(ii) The Disciplinary Procedure makes provision for various sanctions (counselling, warning, fine, suspended discharge, discharge) where a disciplinary hearing takes place in respect of a sexual harassment or assault case.

2. (a) (i) Number of cases 2014/2015: 2

Number of cases 2015/2016: 2

Number of cases 2016/2017: 2

(ii) There is no case since 1 April 2017 which is still in

progress.

(b) (i) 6 cases were opened and concluded.

(ii) One case was withdrawn

(iii) One case is still open.

(b) Sanctions for the sexual harassment and assault cases:

  • Final written warning and fine
  • Verbal warning
  • Warning and suspended fine
  • Final written warning
  • Warning

15 March 2018 - NW481

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Lekota, Mr M to ask the Minister of State Security

1. (a) What is the current status of the investigation by her department into the intelligence report that former President Zuma used to justify the firing of Mr Pravin Gordhan from the position of Minister of Finance and (b) by what date is it anticipated that the report will be finalised; 2. Will the report and findings be made public; if not, why not?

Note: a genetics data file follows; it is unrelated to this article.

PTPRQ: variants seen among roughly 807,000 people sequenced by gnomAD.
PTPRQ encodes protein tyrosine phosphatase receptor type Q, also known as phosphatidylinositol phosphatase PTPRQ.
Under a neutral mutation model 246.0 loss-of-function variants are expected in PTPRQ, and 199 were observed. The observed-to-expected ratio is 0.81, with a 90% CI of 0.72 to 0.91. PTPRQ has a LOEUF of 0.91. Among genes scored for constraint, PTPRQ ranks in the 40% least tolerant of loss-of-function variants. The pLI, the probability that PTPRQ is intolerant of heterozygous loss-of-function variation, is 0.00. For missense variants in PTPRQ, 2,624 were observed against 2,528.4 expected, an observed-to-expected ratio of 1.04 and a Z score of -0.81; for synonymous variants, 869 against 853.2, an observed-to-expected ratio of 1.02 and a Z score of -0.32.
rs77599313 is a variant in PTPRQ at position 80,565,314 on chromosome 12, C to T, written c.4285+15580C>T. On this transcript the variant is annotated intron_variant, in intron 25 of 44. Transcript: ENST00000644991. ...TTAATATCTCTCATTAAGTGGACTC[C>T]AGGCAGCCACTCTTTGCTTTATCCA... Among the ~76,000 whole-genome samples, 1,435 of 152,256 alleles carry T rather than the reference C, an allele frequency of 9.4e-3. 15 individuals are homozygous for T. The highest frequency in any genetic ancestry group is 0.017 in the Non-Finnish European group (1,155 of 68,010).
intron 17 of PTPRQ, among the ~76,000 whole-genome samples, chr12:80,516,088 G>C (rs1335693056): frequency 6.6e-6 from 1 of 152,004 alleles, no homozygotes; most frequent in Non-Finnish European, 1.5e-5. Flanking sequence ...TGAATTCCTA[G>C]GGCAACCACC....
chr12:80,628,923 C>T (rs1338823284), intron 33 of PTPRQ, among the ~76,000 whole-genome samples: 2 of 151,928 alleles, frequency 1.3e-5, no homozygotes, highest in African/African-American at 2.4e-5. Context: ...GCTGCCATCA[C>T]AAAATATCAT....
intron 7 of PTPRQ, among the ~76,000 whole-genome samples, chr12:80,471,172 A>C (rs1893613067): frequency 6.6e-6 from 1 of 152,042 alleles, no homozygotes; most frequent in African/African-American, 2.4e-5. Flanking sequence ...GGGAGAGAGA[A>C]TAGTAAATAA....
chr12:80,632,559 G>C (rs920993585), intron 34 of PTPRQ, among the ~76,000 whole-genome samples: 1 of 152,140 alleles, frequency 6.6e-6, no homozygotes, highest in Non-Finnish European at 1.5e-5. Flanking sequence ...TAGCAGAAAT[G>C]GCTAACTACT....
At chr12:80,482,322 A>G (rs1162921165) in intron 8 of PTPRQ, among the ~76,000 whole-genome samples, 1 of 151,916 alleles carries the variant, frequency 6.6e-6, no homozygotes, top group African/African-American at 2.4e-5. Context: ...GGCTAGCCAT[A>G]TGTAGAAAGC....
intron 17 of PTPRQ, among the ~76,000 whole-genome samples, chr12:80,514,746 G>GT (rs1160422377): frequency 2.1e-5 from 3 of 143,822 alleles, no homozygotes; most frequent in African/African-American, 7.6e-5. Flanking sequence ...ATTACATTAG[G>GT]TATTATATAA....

Reply:

In line with its directives, standard operating procedures and as a matter of policy, the State Security Agency (SSA) does not comment on operational matters as it is held accountable on such matters by the Joint Standing Committee on Intelligence (JSCI).

However, regarding the matter in question, the SSA is not privy to such an investigation.

14 March 2018 - NW337

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Jooste, Ms K to ask the Mrs K Jooste (DA) to ask the Minister of State Security

What amount did (a) his department and (b) each entity reporting to him spend on the promotion or celebration of the Year of OR Tambo on the (i) Africa News Network 7 channel, (ii) SA Broadcasting Corporation (aa) television channels and (bb) radio stations, (iii) national commercial radio stations and (iv) community (aa) television and (bb) radio stations since 1 January 2017?

Reply:

The SSA did not spend any amounts on the promotion of the Year of the OR Tambo.

14 March 2018 - NW372

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Masango, Ms B to ask the Ms BS Masango (DA) to ask the Minister of State Security